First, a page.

“During the era of the Tanzimat, the school became a window onto the west.” New York Times
Galatasaray High School is one of the most influential institutions of modern Turkey. Established in 1481, it is the oldest Turkish high school and the second-oldest Turkish educational institution after Istanbul University which was established in 1453.
The origin of Galatasaray (Galata Palace), which gave birth to a football team in the beginning of the century, can be traced back to the conversion of the Galata Palace Imperial School (Galata Sarayı Enderun-u Hümayunu), which was founded to groom skilled statesmen for service to the Ottoman Empire. Once education reforms were enacted in 1868, Sultan Abdülaziz, who that year became the first sultan to visit Europe, ordered the school to undergo extensive modernization to bring it in line with the schools in western countries, especially France, that had so impressed him. Thus, the oldest and most deep-rooted educational institution in the country entered a new era. Until then, education in foreign languages did not exist in Ottoman schools. Galatasaray became the first to launch courses in French and paved the way for educational innovations throughout the Ottoman lands. It opened windows to the West for both the Ottoman Empire and later the Republic of Turkey.
Over the centuries Galatasaray High School produced thousands of graduates who made their mark on the cultural, social and political development of the country
By the end of the Ottoman Empire, Galatasaray High School, or “Mekteb-i Sultani” (School of Sultans) as it was then called, was the only public school providing Western style education in line with the country’s new period of enlightenment. Within years, the school grew in importance and improved its curriculum and staffing to provide the necessary educational groundwork required to enable graduates to implement legal, political and social reforms. Furthermore, it became a symbol of the westernization period and the application of ‘Tanzimat’ Reforms. Many princes, such as the two sons of Abdülhamid, studied at Galatasaray. At that time the school saw many improvements, thanks largely to the support of the crown. Many courses were designed specifically to provide students with the tools to become effective senior civil servants. Under Tevfik Fikret, the headmaster in 1908, the compulsory education program extended to nine years with three year programs each for the elementary, secondary and high schools. Persian, Arabic, Latin, Greek, Armenian and German became optional courses, and piano and violin lessons were also added to the curriculum.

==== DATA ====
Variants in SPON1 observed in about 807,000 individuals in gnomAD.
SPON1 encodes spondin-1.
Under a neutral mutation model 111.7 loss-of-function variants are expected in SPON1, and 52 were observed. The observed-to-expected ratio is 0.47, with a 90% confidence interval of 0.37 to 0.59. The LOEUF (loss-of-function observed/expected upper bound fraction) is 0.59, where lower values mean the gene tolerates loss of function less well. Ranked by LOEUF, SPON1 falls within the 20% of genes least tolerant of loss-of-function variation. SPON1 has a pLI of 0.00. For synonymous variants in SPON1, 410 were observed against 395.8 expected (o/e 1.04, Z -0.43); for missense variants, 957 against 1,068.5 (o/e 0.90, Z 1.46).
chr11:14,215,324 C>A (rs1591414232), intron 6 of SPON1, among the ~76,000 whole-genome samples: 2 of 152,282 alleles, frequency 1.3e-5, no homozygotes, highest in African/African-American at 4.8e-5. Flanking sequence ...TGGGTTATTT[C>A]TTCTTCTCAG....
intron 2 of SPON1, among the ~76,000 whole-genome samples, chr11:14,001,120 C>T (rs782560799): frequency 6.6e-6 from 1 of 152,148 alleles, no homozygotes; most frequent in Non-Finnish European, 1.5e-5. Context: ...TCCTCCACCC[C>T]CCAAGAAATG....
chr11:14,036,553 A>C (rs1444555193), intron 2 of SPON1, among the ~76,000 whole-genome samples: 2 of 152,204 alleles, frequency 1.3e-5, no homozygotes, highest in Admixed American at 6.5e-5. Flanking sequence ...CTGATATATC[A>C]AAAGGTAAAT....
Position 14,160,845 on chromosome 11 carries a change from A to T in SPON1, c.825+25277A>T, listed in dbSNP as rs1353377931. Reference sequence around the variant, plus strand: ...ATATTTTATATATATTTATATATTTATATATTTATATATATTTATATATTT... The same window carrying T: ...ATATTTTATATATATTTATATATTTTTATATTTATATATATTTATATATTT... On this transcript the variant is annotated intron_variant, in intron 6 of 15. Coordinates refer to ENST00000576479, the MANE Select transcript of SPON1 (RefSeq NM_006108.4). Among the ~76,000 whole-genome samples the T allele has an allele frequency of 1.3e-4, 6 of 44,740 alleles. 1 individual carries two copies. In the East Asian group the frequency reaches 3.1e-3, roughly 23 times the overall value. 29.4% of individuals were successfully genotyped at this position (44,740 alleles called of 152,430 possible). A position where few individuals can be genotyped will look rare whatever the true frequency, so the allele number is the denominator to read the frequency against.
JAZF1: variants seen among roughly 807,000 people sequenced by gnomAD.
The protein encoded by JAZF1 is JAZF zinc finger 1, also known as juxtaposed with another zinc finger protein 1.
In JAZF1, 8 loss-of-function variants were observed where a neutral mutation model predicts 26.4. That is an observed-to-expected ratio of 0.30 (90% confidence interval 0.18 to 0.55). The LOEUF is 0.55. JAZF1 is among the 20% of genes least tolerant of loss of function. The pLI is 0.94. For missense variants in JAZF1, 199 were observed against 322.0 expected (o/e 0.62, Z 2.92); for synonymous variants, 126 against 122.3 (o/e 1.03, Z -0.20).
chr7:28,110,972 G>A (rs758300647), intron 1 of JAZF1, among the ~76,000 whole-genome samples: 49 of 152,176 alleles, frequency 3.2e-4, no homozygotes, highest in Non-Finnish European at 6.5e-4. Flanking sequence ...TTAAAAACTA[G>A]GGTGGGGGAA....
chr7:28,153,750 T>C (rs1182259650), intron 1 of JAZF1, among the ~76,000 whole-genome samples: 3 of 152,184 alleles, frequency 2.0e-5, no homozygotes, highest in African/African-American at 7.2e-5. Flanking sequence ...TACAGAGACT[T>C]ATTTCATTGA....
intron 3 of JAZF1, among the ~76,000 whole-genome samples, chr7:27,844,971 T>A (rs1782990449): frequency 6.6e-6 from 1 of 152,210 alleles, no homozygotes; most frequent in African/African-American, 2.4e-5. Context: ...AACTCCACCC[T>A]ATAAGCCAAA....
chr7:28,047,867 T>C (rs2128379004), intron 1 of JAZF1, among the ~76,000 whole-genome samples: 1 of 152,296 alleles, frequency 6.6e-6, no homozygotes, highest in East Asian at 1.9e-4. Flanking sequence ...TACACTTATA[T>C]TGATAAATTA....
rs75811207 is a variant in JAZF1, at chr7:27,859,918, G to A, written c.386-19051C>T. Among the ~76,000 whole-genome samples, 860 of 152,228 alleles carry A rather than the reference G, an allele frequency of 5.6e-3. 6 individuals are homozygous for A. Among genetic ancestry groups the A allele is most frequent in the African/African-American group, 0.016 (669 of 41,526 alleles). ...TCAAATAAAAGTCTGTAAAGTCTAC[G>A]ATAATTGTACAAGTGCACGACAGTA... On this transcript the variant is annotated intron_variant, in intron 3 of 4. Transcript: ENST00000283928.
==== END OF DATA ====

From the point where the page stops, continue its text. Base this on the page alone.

In 1927, following the establishment of the new Republic of Turkey and the educational reforms of 1924, it was renamed Galatasaray High School. In 1967, Feriye Palaces, which houses the Galatasaray University, opened its doors to welcome girls for the first time. Nowadays, Galatasaray Elementary School, High School and University are among the best educational institutions in the country.
With more than five centuries of history and tradition, Galatasaray High School, where education is provided in French, is recognized as the oldest and one of the finest educational institutions in Turkey.